I've been given a task to simulate a real-world scenario, in which a system receives a signal with a carrier frequency of 3.75 MHz. To filter the signal, either a very sharp and resource-intensive filter can be used, or a proposed series of frequency doubling and filtration of the signal that supposedly improves the SNR while being much less heavy on processing power.

The idea is to receive a signal with a sampling rate of 100 MSa/s and wide-band white noise (BW = 50 MHz). Perform initial filtration with a BW of 2 MHz, then perform an absolute operation on the signal. This will double the signal's frequency with added distortion. Pass this frequency doubled signal through another BPF to clear the distortion. Repeat this 2 more times. Total number of stages is 4, starting frequency is 3.75 MHz and final frequency is 30 MHz with a BW = ~ 1 MHz. Each filter stage has a multiplier constant which is set by hand, to bring the signal back to full-scale level, since while the frequency is doubled, the amplitude is halved.

Now the conundrum is that when pure noise enters the system at full-scale level (-1 to 1), the total noise level at the output of the final filter is reduced. Together with the reduced bandwidth, the total noise improves by 13 dB. However, when a signal is mixed together with the noise - for example 0.5signal + 0.5noise (which equals to an SNR of 10 dB after the first filter), while the final signal power barely degrades (due to the multiplication at each stage), the total noise power rises significantly, which degrades the total SNR by close to 8 dB.

I've tried several options to calculate SNR - either calculate total noise power in a given bandwidth by the average noise power in the BW of the filter, or by adding a counter-signal at the carrier (or 2f, 4f etc) frequency, to remove the tone signal after each filter and leave just the noise. Then, calculating the RMS of the counter-signal and the STD of the noise will give the SNR of the stage. Neither way supports the initial statement that this process improves the SNR.

Here's the code I have used (MATLAB):

%%%%%%%%%%%%%%%%% Sampling rate and carrier frequencies %%%%%%%%%%%%%%%%%%%

Fs = 100e6;
fc = 3.75e6;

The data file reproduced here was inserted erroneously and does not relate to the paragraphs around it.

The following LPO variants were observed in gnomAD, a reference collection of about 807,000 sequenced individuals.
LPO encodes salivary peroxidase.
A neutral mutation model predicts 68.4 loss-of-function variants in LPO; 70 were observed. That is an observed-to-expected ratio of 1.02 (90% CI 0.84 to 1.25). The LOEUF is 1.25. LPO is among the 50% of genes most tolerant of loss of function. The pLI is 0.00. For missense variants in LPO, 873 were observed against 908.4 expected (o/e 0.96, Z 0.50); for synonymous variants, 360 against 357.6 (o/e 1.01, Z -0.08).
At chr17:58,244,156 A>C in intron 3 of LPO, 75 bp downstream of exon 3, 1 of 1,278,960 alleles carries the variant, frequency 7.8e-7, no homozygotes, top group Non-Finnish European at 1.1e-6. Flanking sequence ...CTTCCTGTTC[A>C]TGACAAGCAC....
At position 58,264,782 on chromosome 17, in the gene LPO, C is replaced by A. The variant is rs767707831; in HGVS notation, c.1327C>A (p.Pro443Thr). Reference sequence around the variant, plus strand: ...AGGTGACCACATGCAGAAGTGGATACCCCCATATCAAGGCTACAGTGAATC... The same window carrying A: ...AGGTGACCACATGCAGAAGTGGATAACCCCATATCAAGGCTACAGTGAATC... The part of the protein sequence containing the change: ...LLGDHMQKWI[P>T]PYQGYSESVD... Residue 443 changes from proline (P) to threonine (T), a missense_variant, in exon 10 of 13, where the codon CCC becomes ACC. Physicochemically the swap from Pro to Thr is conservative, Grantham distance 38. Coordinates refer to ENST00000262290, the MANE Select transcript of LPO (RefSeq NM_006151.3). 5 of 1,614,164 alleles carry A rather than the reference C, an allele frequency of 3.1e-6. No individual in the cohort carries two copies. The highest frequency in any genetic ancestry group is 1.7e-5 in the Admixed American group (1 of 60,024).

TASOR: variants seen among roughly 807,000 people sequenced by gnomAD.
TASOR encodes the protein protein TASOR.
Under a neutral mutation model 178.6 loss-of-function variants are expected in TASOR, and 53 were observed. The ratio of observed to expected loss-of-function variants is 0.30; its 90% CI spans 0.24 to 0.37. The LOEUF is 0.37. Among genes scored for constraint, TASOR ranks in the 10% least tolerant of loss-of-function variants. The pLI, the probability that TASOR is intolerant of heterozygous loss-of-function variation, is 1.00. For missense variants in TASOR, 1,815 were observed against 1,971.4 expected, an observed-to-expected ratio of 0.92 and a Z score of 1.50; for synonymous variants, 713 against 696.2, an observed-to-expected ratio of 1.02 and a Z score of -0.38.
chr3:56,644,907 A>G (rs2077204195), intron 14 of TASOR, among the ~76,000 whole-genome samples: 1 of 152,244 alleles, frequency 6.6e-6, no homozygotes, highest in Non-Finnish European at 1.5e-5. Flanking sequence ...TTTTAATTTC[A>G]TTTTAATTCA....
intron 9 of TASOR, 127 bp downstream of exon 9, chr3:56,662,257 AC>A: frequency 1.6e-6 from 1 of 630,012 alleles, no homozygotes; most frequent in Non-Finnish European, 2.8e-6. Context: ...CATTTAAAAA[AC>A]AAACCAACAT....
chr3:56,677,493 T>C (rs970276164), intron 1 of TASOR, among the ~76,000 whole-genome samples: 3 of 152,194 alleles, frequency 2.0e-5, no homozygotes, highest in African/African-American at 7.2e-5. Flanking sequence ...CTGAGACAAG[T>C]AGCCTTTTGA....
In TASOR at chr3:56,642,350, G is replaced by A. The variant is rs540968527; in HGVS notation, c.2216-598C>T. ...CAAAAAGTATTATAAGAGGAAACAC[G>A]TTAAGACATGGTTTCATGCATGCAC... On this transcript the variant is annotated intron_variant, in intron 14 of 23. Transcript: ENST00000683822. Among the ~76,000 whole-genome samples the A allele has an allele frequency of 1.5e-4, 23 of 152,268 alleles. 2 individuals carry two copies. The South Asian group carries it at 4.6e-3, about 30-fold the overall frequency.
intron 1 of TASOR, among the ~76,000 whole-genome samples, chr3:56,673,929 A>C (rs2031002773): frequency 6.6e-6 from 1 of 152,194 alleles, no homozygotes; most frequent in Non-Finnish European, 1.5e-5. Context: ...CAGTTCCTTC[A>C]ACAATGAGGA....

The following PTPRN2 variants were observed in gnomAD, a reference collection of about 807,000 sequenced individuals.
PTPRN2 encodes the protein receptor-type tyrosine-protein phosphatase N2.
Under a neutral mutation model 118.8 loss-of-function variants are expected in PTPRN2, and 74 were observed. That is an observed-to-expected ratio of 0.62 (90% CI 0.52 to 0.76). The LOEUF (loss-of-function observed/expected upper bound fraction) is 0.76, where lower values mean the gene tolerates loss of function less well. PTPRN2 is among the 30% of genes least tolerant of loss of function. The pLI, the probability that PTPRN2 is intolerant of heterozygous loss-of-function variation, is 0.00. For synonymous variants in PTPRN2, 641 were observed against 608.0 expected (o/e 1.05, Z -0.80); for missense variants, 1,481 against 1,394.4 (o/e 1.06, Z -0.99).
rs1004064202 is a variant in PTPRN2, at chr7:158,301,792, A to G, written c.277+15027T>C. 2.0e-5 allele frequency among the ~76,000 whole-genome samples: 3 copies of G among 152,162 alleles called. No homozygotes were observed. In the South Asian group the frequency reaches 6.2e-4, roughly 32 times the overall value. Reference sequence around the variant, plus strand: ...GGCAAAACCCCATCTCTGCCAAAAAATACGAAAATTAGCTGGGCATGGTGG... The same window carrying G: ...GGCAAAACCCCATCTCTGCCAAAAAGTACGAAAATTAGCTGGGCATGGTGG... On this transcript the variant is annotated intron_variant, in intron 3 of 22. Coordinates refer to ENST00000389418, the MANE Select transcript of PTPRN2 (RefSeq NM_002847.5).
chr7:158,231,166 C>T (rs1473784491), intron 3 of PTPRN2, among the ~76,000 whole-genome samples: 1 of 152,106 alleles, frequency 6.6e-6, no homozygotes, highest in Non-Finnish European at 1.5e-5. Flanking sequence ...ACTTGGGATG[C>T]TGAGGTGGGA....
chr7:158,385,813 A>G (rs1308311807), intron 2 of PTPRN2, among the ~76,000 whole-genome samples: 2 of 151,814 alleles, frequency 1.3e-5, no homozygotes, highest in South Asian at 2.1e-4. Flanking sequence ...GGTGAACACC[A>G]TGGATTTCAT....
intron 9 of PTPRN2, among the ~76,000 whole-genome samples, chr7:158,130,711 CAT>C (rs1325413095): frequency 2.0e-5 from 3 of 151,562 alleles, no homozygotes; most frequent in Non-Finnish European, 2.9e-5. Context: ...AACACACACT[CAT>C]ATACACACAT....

t = (0:(10000-1))*1/Fs;

sig.org = sin(2*pi*fc*t)';

%%%%%%%%%%%%%%%%%%%%%%%%%%%% Noise Gen %%%%%%%%%%%%%%%%%%%%%%%%%%%%%%%%%%%%

sig.noise = wgn(length(sig.org), 1, -6);
sig.noise = normalize(sig.noise, 'range',[-0.99 0.99]);

%%%%%%%%%%%%%%%%%%%%%%%% Sig and Noise Mixing %%%%%%%%%%%%%%%%%%%%%%%%%%%%%

sig.orgAWG = 0.5*sig.org + 0.5*sig.noise;

%% Filter Stages

%%%%%%%%%%%%%%%%%%%%%%%%%%%%% Stage 1 %%%%%%%%%%%%%%%%%%%%%%%%%%%%%%%%%%%%% 
sig.orgF = filtfilt(filt.STG1.Numerator, 1, sig.orgAWG);

%%%%%%%%%%%%%%%%%%%%%%%%%%%%%%% AGC %%%%%%%%%%%%%%%%%%%%%%%%%%%%%%%%%%%%%%%

Cmin = abs(min(sig.orgF));
Cmax = max(sig.orgF);
if Cmin > Cmax
    sig.orgF = (0.95/Cmin).*sig.orgF;
    sig.orgF = (0.95/Cmax).*sig.orgF;

%%%%%%%%%%%%%%%%%%%%%%%%%%%%% Stage 2 %%%%%%%%%%%%%%%%%%%%%%%%%%%%%%%%%%%%% 

sig.D1A = abs(sig.orgF);
sig.D1F = filtfilt(filt.STG2.Numerator, 1, sig.D1A);
sig.D1F = 2.4991.*sig.D1F;

%%%%%%%%%%%%%%%%%%%%%%%%%%%%% Stage 3 %%%%%%%%%%%%%%%%%%%%%%%%%%%%%%%%%%%%% 

sig.D2A = abs(sig.D1F);
sig.D2F = filtfilt(filt.STG3.Numerator, 1, sig.D2A);
sig.D2F = 2.3845.*sig.D2F;

%%%%%%%%%%%%%%%%%%%%%%%%%%%%% Stage 4 %%%%%%%%%%%%%%%%%%%%%%%%%%%%%%%%%%%%% 

sig.D3A = abs(sig.D2F);
sig.D3F = filtfilt(filt.STG4.Numerator, 1, sig.D3A);
sig.D3F = 2.3015.*sig.D3F;

Here's an example on an FFT performed with pure full-scale noise at the input, with both the first stage and last stage outputs. Seemingly, the total noise level and the bandwidth of the noise are reduced, therefore the total SNR should go up. enter image description here

Here's an FFT performed on a pure full-scale signal at the input of the system, no noise: enter image description here

So, given that in superposition, with pure signal, the power of the signal doesn't degrade, and with pure noise the power of the noise does go down for a significant improvement, why when two of these are combined the total SNR degrades?

And here is an example when the total input is 0.5noise + 0.5signal. The signal power is not degraded, but even though the bandwidth of the noise is reduced, the power is increased by ~10 dB enter image description here

  • 1
    $\begingroup$ what is the purpose of all this? repeated squaring destroys the data on a carrier, so I'm not sure what the point of this is? $\endgroup$ Commented Mar 19 at 20:56
  • $\begingroup$ Egor, did I answer your question or do you need more details? $\endgroup$ Commented Mar 23 at 15:32

1 Answer 1


When the carrier and noise are combined, the otherwise noise free carrier will now have a significant phase noise component. When you double the frequency, you also double the phase resulting in a 6 dB increase in phase noise. In general for any frequency multiplier by $N$, the phase noise will increase by $20log_{10}(N)$.

In a frequency spectrum, the sideband magnitude relative to the carrier is directly proportional to the phase (assuming small angle, which is a valid assumption in this case- for further details of this, see this post: https://dsp.stackexchange.com/a/81277/21048 ), so to the extent the noise floor is limited by phase noise on the carrier, we would expect the floor to increase relative to the carrier (dBc) by 6 dB after every doubling.


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